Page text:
Caught Between Trump, Turkey, and Kurds, Pentagon Struggles to Piece Together Syria Strategy

A fighter from the Syrian Democratic Forces, SDF, stands inside a post where U.S. troops were based, in Tel Abyad town, at the Syrian-Turkish border, Syria, Monday, Oct. 7, 2019. The SDF, a U.S.-backed Kurdish-led force accused Washington Monday of failing to abide by its commitments by withdrawing from northeast Syria ahead of a Turkish invasion that the Kurds say will overturn five years of achievements in the battle against the Islamic State group. (AP Photo/Ahmad Baderkhan)

For nine months, the Pentagon played down the presence of its 1,000 troops in Syria, hoping that President Trump would not focus on the extent to which the American military was continuing to fight the Islamic State despite his order in December to pull out.

On Sunday, the president appeared to say he had had enough.

Now, for the second time in less than a year, the Defense Department, the State Department, Congress and staff across the national security establishment are scrambling to respond to the words of a president who views Syria and the fight against ISIS as a battle largely won and done for American troops. On Monday, after a White House announcement the night before that Mr. Trump was moving American troops out of the way of a threatened Turkish incursion into Syria, Defense Department officials were struggling to put their already piecemeal Syria military strategy back together again.

It will not be easy. Caught between furious Kurdish allies who see Mr. Trump’s announcement as abandonment, an authoritarian Turkish leader who may take Mr. Trump’s words as tacit permission to move against Kurds in northern Syria, and an American president who has made clear he wants out of the region, the Pentagon is approaching a junction that the military feared was coming for some time.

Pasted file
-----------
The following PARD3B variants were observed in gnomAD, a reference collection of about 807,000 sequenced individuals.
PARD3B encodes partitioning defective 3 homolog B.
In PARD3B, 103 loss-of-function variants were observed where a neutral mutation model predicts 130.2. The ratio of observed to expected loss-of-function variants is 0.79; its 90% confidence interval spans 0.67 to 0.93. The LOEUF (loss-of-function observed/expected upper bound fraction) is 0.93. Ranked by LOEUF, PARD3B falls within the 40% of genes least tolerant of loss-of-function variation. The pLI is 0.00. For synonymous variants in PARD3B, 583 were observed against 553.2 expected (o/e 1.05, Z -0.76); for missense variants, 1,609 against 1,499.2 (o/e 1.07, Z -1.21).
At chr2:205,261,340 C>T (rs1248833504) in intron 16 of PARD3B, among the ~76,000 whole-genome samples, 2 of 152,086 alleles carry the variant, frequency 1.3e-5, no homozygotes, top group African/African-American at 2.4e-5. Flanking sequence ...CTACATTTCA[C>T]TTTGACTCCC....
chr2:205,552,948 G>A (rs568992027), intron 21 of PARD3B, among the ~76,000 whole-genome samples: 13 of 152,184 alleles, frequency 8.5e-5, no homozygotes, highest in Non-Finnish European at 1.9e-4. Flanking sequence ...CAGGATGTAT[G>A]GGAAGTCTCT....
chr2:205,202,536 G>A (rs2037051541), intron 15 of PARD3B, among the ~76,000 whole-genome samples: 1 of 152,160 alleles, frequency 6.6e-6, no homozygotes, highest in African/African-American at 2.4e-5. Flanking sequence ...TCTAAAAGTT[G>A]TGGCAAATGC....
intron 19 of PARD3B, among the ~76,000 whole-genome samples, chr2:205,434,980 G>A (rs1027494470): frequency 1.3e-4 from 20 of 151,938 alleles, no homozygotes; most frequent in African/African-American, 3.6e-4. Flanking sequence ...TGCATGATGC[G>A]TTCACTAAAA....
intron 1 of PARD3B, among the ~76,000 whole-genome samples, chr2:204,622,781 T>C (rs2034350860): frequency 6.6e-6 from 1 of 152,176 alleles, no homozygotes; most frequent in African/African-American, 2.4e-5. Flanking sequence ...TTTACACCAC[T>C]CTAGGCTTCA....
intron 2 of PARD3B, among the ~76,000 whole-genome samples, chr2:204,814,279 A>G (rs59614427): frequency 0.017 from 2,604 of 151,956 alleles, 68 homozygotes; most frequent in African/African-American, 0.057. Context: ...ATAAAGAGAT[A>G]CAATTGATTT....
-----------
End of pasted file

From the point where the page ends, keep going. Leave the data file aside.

The Defense Department “made lemonade out of lemons” the first time Mr. Trump announced a Syria withdrawal, said Derek Chollet, an assistant secretary of defense in the Obama administration. The Pentagon withdrew 1,000 of its 2,000 troops, moved some command elements to Iraq, and continued to aid Kurdish fighters still fighting the Islamic State and holding some 11,000 Islamic State prisoners of war.

But officials did not trumpet their mission or their efforts.

It will be a lot harder to pull this feint again, military experts said, particularly if President Recep Tayyip Erdogan of Turkey goes ahead with his threatened incursion into northern Syria, as it has been the presence of American troops alongside the Kurds that many believe has kept him at bay.

Pentagon officials were insisting on Monday that the United States remained firmly opposed to a Turkish incursion. “The Department of Defense made clear to Turkey — as did the president — that we do not endorse a Turkish operation in northern Syria,” Jonathan Hoffman, a Pentagon spokesman, said in a statement. He warned that “unilateral action creates risk for Turkey,” which would be responsible for thousands of Islamic State fighters being held by the Kurds.

But the departure of American troops from northern Syria makes it far more difficult to hold together the coalition fighting the Islamic State.

For a while, the generals at the Pentagon thought they were succeeding within the narrow confines of maneuver room that Mr. Trump gave them, obeying the president’s order while not deserting Kurdish partners and undercutting gains against the Islamic State in northeastern Syria. Defense Department officials devised a plan for the Pentagon to cut its combat force there roughly in half by early this past May, or to about 1,000 troops — and then pause with what commanders called a “residual force.”

The military would then assesses conditions on the ground and reduce the number of forces periodically, if conditions allowed, until the force levels reached the 400 troops that Mr. Trump approved in February.

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Source: ENM News